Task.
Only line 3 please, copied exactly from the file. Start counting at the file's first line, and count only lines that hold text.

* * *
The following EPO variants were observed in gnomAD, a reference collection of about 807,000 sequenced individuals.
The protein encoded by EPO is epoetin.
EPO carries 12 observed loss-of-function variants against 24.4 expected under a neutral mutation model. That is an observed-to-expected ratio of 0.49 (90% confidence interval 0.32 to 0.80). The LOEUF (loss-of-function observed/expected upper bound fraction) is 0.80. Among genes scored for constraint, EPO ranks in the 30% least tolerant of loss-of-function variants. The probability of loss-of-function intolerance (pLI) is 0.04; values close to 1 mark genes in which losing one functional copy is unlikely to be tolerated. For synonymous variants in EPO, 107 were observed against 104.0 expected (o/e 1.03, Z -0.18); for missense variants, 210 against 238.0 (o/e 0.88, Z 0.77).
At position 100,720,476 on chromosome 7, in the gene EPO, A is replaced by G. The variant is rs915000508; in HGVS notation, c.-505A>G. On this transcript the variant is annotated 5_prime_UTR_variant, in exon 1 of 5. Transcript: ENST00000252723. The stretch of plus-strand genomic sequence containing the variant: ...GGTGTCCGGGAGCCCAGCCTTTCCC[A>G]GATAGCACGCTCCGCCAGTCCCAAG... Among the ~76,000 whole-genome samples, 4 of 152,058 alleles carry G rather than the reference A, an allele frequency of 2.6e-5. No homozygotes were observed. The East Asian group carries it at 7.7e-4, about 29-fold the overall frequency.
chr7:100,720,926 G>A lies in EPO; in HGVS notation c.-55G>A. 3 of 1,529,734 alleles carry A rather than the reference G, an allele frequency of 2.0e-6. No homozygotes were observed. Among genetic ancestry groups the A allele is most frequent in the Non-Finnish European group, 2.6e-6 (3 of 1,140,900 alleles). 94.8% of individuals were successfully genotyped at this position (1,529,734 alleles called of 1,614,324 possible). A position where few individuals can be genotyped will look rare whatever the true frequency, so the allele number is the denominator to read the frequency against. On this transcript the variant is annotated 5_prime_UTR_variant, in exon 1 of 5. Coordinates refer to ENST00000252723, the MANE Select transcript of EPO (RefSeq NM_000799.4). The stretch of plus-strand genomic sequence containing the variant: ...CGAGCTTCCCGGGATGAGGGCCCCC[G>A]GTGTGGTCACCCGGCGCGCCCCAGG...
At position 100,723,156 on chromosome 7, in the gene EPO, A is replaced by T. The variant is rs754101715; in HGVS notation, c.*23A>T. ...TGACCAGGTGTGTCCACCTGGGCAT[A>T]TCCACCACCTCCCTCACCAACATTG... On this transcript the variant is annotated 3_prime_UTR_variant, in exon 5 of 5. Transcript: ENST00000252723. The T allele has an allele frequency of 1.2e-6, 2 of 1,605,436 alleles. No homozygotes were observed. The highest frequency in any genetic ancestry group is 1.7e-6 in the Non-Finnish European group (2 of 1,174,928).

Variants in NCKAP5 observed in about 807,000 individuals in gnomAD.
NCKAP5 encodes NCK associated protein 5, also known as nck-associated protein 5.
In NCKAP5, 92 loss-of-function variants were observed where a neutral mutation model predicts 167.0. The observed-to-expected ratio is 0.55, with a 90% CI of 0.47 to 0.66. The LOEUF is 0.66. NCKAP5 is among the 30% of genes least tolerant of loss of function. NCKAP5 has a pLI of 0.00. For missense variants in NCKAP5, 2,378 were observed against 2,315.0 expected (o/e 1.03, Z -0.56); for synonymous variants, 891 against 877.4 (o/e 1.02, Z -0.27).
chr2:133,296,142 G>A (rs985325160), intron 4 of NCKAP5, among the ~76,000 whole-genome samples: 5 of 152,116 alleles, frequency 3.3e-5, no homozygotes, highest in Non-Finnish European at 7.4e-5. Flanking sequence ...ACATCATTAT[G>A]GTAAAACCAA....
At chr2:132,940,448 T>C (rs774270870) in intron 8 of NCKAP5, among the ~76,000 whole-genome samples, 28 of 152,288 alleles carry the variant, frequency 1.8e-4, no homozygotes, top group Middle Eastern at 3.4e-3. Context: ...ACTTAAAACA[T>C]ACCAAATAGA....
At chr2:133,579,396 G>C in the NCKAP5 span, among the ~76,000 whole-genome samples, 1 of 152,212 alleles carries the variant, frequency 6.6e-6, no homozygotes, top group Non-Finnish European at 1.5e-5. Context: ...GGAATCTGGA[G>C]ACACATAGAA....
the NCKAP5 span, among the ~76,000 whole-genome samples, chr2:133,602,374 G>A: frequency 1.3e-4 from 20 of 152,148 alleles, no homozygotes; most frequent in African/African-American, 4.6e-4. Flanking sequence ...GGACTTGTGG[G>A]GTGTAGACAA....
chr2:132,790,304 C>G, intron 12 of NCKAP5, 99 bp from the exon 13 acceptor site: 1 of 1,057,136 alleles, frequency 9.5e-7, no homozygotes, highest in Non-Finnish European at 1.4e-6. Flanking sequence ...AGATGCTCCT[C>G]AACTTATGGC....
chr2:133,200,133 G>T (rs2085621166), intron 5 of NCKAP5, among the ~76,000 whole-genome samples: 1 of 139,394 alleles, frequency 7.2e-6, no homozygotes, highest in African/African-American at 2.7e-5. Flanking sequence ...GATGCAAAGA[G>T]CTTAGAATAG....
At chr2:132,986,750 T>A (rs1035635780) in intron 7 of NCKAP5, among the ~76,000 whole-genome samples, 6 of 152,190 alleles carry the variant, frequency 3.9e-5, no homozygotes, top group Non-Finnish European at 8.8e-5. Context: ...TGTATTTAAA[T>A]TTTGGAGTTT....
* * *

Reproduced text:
EPO carries 12 observed loss-of-function variants against 24.4 expected under a neutral mutation model. That is an observed-to-expected ratio of 0.49 (90% confidence interval 0.32 to 0.80). The LOEUF (loss-of-function observed/expected upper bound fraction) is 0.80. Among genes scored for constraint, EPO ranks in the 30% least tolerant of loss-of-function variants. The probability of loss-of-function intolerance (pLI) is 0.04; values close to 1 mark genes in which losing one functional copy is unlikely to be tolerated. For synonymous variants in EPO, 107 were observed against 104.0 expected (o/e 1.03, Z -0.18); for missense variants, 210 against 238.0 (o/e 0.88, Z 0.77).